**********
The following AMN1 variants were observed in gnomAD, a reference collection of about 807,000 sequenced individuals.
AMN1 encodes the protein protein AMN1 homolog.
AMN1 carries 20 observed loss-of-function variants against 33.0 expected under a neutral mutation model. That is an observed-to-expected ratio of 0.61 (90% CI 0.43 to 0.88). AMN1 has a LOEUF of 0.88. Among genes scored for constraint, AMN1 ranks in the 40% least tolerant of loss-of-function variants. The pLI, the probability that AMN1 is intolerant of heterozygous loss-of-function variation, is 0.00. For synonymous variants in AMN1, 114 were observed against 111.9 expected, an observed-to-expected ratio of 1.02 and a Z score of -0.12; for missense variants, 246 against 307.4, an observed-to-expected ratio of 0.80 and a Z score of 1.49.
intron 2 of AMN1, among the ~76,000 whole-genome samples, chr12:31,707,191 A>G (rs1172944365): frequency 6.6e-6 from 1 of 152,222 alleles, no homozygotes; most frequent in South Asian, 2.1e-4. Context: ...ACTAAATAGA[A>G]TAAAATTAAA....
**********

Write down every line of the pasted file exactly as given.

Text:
The following AMN1 variants were observed in gnomAD, a reference collection of about 807,000 sequenced individuals.
AMN1 encodes the protein protein AMN1 homolog.
AMN1 carries 20 observed loss-of-function variants against 33.0 expected under a neutral mutation model. That is an observed-to-expected ratio of 0.61 (90% CI 0.43 to 0.88). AMN1 has a LOEUF of 0.88. Among genes scored for constraint, AMN1 ranks in the 40% least tolerant of loss-of-function variants. The pLI, the probability that AMN1 is intolerant of heterozygous loss-of-function variation, is 0.00. For synonymous variants in AMN1, 114 were observed against 111.9 expected, an observed-to-expected ratio of 1.02 and a Z score of -0.12; for missense variants, 246 against 307.4, an observed-to-expected ratio of 0.80 and a Z score of 1.49.
intron 2 of AMN1, among the ~76,000 whole-genome samples, chr12:31,707,191 A>G (rs1172944365): frequency 6.6e-6 from 1 of 152,222 alleles, no homozygotes; most frequent in South Asian, 2.1e-4. Context: ...ACTAAATAGA[A>G]TAAAATTAAA....